Book Review: Art in Advertising by David K. Stone

Publisher: Pitman Publishing Corp.

Year: 1961

Pages: 48

Type: Softcover

ISBN: 1-9876543

“…the success of the ad depends upon the illustration’s effectiveness.”

If you’ve ever wondered if you have what it takes to break into the world of advertising, this booklet is for you. It’s short and to the point but still packed with just about everything an aspiring artist would need to make a success with a pencil or paint brush.

I’m primarily drawn to these publications because of the vintage look and feel of them. And although they are decades old, they always seem to hold up in the advice and instruction they give. There truly is no school like the Old School!

The contents walk you through the process of choosing a specialty, obtaining the correct equipment, perfecting your drawing, and then selling your portfolio to an agency or client.

The four pages below are a sampling of the words of wisdom and graphic artwork used to teach this interesting profession:

I’ve included the next page because it explains the process of developing a cover, with this booklet’s own cover:

David K. Stone (1922-2001) was an American Illustrator. According to GoodReads, Stone was a native of Reedsport, Oregon and an illustrator of over 80 books and magazines. His paintings are part of a permanent collection in the U.S. Air Force, the U.S. Department of the Interior, Princeton University, the Smithsonian Institution, Society of Illustrators, as well as in private collections.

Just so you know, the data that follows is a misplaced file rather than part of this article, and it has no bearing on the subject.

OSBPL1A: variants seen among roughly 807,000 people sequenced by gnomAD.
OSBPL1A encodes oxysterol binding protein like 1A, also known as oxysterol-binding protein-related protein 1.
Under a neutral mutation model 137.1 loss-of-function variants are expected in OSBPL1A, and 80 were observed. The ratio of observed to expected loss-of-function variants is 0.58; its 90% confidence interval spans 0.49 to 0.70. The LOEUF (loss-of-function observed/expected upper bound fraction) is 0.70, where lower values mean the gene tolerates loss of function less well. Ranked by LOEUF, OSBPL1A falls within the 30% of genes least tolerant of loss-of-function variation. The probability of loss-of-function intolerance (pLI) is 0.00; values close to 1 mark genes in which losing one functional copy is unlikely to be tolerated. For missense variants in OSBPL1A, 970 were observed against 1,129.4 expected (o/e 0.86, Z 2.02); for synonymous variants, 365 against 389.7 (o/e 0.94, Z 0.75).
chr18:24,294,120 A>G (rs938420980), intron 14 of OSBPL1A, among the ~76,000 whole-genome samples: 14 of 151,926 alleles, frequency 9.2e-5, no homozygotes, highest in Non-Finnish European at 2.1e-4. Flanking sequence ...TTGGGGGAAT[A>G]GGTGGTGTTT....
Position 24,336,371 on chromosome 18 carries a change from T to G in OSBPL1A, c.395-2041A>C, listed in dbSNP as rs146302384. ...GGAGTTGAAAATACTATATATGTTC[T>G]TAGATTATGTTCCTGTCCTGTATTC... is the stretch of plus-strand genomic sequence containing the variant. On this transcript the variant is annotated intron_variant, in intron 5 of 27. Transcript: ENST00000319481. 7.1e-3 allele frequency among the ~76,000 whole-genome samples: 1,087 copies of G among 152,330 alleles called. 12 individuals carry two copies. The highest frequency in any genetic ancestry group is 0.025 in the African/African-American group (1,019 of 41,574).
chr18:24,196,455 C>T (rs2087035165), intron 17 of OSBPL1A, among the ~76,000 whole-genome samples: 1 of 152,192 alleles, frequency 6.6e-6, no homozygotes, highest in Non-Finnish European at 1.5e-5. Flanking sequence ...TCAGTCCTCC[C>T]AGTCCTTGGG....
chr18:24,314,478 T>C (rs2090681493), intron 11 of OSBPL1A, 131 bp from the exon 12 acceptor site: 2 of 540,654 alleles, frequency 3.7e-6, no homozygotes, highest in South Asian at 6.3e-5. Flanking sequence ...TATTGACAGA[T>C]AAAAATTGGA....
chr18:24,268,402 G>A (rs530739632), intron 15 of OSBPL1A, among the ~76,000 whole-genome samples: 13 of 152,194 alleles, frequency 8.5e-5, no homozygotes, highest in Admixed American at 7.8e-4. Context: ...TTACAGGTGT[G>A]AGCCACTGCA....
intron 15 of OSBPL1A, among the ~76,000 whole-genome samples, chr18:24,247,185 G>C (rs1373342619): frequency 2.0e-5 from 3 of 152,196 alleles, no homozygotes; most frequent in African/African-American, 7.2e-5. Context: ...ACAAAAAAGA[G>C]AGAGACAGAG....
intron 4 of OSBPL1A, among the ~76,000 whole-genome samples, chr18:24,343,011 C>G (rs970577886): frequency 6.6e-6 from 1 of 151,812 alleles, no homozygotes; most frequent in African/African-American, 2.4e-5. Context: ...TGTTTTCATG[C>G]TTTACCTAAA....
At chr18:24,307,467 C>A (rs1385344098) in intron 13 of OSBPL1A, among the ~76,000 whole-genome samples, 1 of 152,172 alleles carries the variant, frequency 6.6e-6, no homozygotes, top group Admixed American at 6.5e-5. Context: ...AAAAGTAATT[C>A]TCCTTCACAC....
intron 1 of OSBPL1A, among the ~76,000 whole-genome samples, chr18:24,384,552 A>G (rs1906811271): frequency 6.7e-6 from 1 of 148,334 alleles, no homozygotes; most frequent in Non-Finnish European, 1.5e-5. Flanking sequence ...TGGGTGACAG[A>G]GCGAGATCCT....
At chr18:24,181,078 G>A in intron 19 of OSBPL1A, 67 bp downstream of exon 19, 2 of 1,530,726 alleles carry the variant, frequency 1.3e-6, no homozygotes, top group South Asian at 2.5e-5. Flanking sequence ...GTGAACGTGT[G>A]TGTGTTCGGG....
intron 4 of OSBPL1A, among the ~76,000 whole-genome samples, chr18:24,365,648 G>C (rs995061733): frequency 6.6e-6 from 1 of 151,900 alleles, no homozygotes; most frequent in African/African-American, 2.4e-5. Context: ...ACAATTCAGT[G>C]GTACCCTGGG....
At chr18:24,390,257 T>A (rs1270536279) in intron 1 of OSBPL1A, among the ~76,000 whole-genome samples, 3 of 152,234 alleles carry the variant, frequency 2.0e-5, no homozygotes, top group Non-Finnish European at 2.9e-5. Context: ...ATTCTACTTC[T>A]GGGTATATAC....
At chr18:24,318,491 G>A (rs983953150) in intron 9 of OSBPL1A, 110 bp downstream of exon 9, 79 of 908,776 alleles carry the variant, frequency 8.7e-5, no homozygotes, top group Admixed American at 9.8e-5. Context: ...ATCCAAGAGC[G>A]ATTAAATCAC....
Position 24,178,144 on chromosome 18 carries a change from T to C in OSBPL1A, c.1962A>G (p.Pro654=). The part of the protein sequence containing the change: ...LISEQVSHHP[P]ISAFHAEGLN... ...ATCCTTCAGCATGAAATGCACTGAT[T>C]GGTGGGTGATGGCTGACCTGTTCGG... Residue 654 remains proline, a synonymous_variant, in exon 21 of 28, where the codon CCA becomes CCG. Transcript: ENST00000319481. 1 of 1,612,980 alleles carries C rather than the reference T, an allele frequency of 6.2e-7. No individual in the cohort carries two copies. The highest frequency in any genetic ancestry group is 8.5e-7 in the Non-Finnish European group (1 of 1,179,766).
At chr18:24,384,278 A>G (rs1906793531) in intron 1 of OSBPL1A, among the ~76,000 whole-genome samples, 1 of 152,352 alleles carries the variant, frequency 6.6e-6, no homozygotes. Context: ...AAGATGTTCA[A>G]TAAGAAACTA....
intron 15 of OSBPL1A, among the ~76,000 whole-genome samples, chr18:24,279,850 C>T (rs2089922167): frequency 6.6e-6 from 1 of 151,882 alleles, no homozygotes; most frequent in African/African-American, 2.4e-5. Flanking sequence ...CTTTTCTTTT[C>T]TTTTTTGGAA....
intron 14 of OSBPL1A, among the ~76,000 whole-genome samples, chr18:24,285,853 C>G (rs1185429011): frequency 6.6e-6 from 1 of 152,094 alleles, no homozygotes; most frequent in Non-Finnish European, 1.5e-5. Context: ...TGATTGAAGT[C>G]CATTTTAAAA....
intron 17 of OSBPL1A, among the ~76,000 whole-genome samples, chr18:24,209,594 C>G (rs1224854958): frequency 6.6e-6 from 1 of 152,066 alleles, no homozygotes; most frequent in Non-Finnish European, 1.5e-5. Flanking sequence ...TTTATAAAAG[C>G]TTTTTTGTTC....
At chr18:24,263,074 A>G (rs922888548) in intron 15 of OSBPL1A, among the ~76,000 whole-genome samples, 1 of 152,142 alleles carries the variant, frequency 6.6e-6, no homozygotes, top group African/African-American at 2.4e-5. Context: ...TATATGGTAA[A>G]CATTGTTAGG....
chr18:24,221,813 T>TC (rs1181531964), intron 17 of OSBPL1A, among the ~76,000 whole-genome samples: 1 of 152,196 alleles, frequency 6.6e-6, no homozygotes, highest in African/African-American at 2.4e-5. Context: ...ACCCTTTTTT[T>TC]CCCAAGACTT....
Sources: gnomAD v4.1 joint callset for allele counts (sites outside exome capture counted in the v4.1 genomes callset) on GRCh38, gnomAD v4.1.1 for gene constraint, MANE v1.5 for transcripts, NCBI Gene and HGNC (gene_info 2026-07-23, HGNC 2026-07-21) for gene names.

It seems only natural that such a gifted and accomplish artist would create such a How-to booklet like Art in Advertising. He would have been in his late 30s when he created it, and at the peak of his profession. Over 60 years later, his experience still holds up!

I would give Art in Advertising a solid 4.5 Out of 5 Stars. As an artist myself, I could easily follow the instruction and know that it could be just as easily applied by even a novice. But it is a bit brief, so one would be better served by the booklet if they already had some art instruction from an accredited course.

I believe it’s true value today lies in it’s historical context.

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